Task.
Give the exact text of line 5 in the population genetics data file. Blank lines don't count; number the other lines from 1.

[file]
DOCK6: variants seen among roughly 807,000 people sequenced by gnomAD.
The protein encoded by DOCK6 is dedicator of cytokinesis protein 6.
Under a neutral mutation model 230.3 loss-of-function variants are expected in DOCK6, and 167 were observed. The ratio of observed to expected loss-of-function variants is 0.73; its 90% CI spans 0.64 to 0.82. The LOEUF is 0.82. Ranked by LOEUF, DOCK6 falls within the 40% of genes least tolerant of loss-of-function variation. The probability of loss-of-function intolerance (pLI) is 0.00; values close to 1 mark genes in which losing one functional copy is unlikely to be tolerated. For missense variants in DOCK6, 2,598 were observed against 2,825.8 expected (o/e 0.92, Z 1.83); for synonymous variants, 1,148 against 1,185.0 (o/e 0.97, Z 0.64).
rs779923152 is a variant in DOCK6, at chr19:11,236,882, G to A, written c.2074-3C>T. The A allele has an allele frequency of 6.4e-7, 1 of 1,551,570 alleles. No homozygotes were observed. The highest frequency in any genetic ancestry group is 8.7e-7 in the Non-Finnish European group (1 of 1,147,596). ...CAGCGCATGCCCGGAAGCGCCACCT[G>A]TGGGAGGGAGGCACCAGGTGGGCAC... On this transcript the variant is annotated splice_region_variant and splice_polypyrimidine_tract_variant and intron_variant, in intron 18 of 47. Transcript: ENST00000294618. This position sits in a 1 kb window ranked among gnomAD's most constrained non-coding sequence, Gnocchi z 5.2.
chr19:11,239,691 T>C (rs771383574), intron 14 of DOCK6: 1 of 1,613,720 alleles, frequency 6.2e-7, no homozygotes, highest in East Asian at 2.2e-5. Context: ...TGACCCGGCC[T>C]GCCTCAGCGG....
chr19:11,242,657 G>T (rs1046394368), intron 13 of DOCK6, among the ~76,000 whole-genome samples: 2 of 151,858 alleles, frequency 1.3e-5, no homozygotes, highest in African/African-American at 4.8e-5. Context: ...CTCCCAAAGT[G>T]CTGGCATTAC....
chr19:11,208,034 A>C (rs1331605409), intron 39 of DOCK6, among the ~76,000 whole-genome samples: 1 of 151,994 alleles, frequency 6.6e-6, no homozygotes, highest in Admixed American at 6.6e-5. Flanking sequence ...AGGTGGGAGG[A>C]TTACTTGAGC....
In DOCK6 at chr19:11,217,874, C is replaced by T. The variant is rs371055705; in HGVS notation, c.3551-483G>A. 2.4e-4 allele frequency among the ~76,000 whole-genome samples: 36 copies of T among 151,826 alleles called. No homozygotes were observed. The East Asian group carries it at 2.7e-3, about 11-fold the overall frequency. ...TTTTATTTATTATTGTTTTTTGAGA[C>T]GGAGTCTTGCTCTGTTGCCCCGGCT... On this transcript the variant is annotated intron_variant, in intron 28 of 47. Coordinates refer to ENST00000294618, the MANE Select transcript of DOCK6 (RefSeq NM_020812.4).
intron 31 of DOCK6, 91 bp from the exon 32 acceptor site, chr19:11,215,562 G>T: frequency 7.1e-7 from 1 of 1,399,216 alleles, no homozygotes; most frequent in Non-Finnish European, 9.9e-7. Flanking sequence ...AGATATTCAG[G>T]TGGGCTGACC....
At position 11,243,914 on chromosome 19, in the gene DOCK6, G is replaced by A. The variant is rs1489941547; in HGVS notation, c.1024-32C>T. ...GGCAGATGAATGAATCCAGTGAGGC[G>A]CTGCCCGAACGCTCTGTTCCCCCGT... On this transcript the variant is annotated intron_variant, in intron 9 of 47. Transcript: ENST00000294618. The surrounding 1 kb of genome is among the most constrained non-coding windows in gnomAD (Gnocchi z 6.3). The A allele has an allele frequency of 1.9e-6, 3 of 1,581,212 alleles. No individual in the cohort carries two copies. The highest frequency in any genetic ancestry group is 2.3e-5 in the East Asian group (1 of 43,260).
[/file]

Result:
chr19:11,239,691 T>C (rs771383574), intron 14 of DOCK6: 1 of 1,613,720 alleles, frequency 6.2e-7, no homozygotes, highest in East Asian at 2.2e-5. Context: ...TGACCCGGCC[T>C]GCCTCAGCGG....